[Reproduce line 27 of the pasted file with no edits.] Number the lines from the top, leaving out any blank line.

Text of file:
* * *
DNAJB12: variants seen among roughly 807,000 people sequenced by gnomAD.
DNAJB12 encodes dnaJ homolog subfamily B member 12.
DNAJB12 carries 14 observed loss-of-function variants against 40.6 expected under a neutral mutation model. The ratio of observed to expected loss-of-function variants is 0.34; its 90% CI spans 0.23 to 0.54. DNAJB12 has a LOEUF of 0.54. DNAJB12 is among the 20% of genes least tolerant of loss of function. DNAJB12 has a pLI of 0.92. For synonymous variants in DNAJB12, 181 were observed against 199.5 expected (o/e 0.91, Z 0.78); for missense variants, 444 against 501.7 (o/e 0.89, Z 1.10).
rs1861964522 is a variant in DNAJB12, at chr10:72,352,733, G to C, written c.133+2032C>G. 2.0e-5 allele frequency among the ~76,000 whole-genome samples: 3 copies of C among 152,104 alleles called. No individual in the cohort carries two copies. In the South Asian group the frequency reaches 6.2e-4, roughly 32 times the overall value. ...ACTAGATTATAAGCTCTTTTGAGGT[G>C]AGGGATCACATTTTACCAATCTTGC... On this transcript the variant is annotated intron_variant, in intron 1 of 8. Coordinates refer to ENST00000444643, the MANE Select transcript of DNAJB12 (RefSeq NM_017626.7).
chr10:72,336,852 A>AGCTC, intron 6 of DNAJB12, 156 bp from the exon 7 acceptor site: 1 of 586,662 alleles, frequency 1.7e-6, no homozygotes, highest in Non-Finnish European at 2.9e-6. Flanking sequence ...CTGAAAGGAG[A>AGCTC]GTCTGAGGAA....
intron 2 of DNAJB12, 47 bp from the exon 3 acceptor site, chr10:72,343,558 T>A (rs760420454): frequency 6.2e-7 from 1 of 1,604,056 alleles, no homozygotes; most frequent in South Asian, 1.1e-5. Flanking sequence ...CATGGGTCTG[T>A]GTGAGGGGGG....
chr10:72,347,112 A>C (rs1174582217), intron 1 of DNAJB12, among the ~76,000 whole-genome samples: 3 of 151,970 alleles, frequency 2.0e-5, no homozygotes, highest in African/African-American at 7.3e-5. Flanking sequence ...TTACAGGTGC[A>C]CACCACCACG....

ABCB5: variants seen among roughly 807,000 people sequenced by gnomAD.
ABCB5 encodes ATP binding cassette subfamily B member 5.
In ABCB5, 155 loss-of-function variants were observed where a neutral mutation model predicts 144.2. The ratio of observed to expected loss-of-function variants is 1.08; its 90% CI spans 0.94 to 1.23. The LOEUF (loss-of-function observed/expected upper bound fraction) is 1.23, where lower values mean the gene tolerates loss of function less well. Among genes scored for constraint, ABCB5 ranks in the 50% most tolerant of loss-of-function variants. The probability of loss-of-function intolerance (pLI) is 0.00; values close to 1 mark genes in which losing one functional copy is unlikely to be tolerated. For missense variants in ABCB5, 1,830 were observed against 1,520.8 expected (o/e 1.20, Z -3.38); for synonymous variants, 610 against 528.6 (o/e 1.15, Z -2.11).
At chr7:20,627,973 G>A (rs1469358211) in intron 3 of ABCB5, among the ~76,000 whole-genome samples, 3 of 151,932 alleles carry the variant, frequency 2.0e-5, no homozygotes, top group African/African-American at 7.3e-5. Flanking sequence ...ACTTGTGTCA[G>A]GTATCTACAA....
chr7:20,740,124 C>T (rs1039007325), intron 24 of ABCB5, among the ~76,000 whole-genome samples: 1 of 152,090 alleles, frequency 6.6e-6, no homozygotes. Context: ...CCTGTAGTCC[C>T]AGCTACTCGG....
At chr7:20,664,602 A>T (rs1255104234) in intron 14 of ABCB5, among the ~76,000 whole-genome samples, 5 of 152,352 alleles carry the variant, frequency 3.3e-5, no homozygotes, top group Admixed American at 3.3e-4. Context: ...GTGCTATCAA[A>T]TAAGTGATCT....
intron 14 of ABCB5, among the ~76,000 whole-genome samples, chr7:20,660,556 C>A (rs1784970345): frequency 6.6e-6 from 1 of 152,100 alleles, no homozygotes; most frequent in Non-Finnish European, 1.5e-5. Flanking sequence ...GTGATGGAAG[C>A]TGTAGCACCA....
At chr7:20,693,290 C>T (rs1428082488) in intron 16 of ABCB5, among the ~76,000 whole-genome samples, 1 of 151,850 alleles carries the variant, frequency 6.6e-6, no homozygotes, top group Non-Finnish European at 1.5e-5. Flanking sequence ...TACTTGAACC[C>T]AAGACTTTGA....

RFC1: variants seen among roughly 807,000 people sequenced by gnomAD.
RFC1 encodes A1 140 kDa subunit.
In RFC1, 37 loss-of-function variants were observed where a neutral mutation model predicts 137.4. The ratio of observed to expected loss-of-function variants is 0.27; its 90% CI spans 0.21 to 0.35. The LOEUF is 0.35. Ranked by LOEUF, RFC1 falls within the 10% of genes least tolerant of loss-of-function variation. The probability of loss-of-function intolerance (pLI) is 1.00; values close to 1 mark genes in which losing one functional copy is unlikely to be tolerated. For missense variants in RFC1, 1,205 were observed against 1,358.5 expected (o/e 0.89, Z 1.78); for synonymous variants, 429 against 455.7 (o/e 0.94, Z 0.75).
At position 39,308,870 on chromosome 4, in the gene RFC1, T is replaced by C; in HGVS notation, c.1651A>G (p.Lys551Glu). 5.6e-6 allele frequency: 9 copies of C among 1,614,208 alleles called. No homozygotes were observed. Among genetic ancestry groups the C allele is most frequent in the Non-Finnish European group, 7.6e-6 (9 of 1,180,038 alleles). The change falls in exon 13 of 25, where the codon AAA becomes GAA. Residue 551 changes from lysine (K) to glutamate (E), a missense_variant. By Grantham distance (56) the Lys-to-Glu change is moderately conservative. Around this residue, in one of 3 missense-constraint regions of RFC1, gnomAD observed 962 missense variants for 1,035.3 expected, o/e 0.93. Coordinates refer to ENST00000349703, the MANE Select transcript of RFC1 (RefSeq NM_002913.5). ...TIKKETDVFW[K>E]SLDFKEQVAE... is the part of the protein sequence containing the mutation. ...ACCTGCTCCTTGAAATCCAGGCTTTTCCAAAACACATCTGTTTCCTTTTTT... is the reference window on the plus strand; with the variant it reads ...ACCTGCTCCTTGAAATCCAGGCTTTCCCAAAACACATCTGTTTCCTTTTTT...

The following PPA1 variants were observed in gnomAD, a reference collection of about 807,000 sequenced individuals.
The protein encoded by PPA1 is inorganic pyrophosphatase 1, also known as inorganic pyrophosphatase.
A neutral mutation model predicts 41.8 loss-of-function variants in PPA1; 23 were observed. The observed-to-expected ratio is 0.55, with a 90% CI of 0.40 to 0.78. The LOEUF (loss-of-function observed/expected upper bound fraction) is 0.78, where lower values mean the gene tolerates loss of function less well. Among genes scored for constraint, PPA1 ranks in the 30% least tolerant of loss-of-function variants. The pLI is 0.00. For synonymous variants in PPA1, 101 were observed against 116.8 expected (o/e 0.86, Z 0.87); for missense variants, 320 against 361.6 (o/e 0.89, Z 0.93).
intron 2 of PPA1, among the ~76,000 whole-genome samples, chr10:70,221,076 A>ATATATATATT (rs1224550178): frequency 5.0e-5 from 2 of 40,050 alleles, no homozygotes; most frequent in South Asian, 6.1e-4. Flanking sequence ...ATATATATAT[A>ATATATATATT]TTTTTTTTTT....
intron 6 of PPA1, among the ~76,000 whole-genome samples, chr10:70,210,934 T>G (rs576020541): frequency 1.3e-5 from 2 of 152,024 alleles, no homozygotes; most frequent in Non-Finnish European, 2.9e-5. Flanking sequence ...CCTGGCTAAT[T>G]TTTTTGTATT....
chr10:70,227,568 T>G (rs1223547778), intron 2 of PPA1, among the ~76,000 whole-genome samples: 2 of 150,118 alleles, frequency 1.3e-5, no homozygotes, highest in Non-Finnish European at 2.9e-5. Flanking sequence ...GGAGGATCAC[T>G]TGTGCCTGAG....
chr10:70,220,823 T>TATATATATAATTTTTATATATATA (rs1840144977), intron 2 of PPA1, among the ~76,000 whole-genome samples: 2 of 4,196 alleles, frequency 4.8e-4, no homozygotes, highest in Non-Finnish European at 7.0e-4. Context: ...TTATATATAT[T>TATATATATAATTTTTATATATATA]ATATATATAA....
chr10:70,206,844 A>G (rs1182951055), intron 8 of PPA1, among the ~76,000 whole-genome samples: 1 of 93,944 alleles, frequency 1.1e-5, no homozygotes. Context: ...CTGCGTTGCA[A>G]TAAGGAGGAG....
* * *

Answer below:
chr10:70,206,844 A>G (rs1182951055), intron 8 of PPA1, among the ~76,000 whole-genome samples: 1 of 93,944 alleles, frequency 1.1e-5, no homozygotes. Context: ...CTGCGTTGCA[A>G]TAAGGAGGAG....